by Jon Worley
I've never liked It's a Wonderful Life. I've only seen it once, but that was enough for me. While it's a well-made movie with excellent acting and all that, I blanched at the ending. You know, when all of George's (that's the main character, right?) friends show up at the door and shower him with cash. I know, the moral of the story isn't that money solves all problems...but nonetheless that final scene left me queasy.
I'm not one of those nuts who preaches a Luddite lifestyle, complete with barter system and all that. I'm not opposed to the concept of money--and believe me, money is much more concept that reality. I just happen to be down with the big JC on this one: The love of money is the root of all evil.
I know plenty of people who are quite wealthy. They're mostly decent people. Problem is, some of them hold the decidedly Republican belief that anything separating them from their money (be it government, poor people, thieves, their children--whatever) is evil and wrong.
Our society, in general, loves money. We use it for everything from basic needs to truly sordid forms of entertainment and gratification. A whole lot of people spend their whole lives trying to accumulate as much cash as possible--and then spending it before they die. I think that's the sorta thing a certain Jewish carpenter was rappin' about almost a couple thousand years ago. It's never a good idea to put money before people. And I have a feeling we'll be seeing a lot more of that from our government in the near future.
I can't speak for the Prez, but his policies do speak for themselves. His administration has pushed a bankruptcy reform bill that benefits big corporations at the expense of average people. I've heard the arguments, and this is what I see: Fifteen solicitations a week from companies who want to give me a credit card. That's just me, by the way, not my wife. She gets more. She should. She has a paying job. I've been on the unemployment rolls for almost two years.
Two years without a regular job and still 15 or more companies a week want me to spend, spend, spend! Seems to me that bankruptcy reform is simply a way to provide a free insurance policy to those credit card dealers. They don't have to check and make sure their customers are worthwhile risks. They can run up as many bad debts--stupid debts, really--as they like and not be punished.
So that's exhibit A. Then there's this whole tax cut thing. I happen to agree with economists who say that a tax cut during recessionary times ought to ease the pain and spur a recovery. It's just that the tax cut ought to be targeted at the folks at the bottom and middle of the barrel. See, the folks in the middle and lower classes are the ones buying the products that make the economy run. Rich folks consume, but there are so few of them that their purchasing power is irrelevant. So, say, if we had totally eliminated income taxes on the first thirty grand of income and then let the rest of the tax structure stand as it was back in 1999, we'd have cut about the same amount of money out of the federal budget as the Prez's plan. The folks at the top would pay a little less, sure, but their high wages would still be filling up the coffers. It's absolutely true that rich folks pay a lot of taxes. Of course they do. They make a lot of money. They should pay a lot of taxes.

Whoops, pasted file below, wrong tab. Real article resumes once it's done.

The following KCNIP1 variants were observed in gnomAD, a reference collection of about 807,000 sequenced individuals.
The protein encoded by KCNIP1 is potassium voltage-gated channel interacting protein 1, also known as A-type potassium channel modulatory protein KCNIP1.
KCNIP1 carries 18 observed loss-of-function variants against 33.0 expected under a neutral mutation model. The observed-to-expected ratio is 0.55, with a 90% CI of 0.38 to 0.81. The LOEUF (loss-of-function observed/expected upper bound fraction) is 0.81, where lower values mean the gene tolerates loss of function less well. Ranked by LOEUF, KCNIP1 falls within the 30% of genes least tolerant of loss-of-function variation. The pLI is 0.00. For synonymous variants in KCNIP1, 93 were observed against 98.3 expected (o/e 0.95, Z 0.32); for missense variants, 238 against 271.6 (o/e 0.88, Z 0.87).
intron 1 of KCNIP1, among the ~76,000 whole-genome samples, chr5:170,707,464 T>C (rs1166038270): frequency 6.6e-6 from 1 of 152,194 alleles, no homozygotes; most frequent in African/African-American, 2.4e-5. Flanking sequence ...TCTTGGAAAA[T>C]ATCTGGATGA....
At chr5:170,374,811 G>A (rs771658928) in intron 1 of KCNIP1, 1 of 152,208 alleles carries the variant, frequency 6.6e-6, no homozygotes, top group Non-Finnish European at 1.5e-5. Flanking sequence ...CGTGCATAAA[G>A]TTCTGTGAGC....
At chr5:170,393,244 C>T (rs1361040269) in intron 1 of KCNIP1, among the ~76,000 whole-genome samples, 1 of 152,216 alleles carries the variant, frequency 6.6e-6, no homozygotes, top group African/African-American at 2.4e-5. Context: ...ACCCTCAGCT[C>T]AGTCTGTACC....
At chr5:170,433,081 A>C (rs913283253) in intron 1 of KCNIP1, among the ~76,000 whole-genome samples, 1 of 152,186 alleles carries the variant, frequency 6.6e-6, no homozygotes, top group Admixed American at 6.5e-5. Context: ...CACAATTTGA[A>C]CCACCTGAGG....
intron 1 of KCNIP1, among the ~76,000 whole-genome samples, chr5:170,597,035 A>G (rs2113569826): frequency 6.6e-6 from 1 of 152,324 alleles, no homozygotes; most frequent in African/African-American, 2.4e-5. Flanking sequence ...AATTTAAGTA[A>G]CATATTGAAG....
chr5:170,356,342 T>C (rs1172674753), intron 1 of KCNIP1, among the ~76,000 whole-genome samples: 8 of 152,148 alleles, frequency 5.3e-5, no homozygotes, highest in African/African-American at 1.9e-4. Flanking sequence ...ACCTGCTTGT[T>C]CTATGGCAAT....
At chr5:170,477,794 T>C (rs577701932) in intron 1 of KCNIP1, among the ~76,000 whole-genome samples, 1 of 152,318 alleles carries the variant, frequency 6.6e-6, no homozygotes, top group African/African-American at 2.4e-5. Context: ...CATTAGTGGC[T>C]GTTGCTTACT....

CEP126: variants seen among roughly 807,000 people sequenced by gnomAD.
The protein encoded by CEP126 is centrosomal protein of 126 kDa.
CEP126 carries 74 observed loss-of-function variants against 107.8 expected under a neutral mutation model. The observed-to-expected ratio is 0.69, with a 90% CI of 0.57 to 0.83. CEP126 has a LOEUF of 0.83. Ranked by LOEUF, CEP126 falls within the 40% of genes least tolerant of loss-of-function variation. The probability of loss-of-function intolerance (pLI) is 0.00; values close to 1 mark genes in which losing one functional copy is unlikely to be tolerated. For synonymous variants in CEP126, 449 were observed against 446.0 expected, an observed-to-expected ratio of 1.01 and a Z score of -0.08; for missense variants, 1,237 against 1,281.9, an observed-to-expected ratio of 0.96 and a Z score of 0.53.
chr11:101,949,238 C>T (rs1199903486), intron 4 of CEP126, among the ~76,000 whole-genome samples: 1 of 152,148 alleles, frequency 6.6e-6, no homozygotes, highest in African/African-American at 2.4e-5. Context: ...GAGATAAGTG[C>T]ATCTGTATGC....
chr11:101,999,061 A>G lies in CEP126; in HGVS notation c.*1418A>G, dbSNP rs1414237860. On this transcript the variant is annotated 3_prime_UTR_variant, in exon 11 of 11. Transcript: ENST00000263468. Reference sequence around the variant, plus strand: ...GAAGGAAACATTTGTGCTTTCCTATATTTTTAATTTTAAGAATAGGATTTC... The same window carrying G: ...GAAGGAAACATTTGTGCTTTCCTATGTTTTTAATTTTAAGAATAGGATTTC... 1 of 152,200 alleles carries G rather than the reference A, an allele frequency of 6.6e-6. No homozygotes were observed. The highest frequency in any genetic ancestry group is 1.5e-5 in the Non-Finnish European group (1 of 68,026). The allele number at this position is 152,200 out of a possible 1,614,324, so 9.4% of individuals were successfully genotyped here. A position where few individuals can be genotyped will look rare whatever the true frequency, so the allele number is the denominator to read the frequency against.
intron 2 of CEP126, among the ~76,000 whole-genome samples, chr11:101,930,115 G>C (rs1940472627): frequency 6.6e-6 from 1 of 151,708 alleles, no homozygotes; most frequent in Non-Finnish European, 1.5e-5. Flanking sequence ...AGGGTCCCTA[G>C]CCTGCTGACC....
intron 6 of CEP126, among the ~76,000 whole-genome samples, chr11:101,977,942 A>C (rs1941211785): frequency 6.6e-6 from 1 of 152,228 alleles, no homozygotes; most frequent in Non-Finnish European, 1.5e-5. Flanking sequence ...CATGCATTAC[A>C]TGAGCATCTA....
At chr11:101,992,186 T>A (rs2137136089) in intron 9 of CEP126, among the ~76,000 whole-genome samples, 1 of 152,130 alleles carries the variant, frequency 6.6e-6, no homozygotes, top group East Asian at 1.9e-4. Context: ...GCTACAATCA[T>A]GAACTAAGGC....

Enough of that. Let's talk environmental policy. The Prez has always sided with big companies rather than the interests of the average person (even when he calls a big press conference to say just the opposite). We want cleaner air and cleaner water. Making this happen will, in fact, be a negative drain on our economy. Damn straight. Who wouldn't want to pay a little so that we might live healthier lives?
The drumbeat goes on. When a large company is given free reign to do business as it pleases, most of the time it looks at the bottom line first. If it can do something for the rest of us without sacrificing profits, fine. If not, well, that's capitalism. And capitalism, as we all know, is the only way to do business.
I'm tired of having to make this argument. I'm tired of hearing over and over how the most efficient way to run the government is to treat it as a business. I'm tired of being told that inefficiency (as in, money spent without obvious immediate benefit) must be ferreted out at all costs. Except in the case of government contracts, of course, where overruns and $300 hammers are simply "excesses" and will be corrected someday. Maybe.
I'm tired of all of that. Government isn't a business (it's certainly not operated in order to turn a profit), so it doesn't need to run like a business. It needs to run like a government, an entity that exists as a result of a social contract between the citizens of a nation. We agree we need this institution of government to help make our lives better.
The main questions of any government should be: Are our lives better? Is society as a whole better off because of the policies of the government? Does each and every member of our society have the opportunity to communicate concerns to the government? Is the government responsive to those concerns, particularly those who are in most need of a response?
There are a few hundred other good questions that, if answered correctly might indicate that our government is on the right track. But I don't have the energy to scribble them down right now.
My nine-month-old son reached out and hugged me (as a conscious, intentional gesture) for the first time today. This may not seem like much to you, but it's so much more important to me than banging my head against the collective will of the money freaks that I think I will stop now and simply relive that moment for the next hour or two.
A tax cut ain't nothing next to something like that.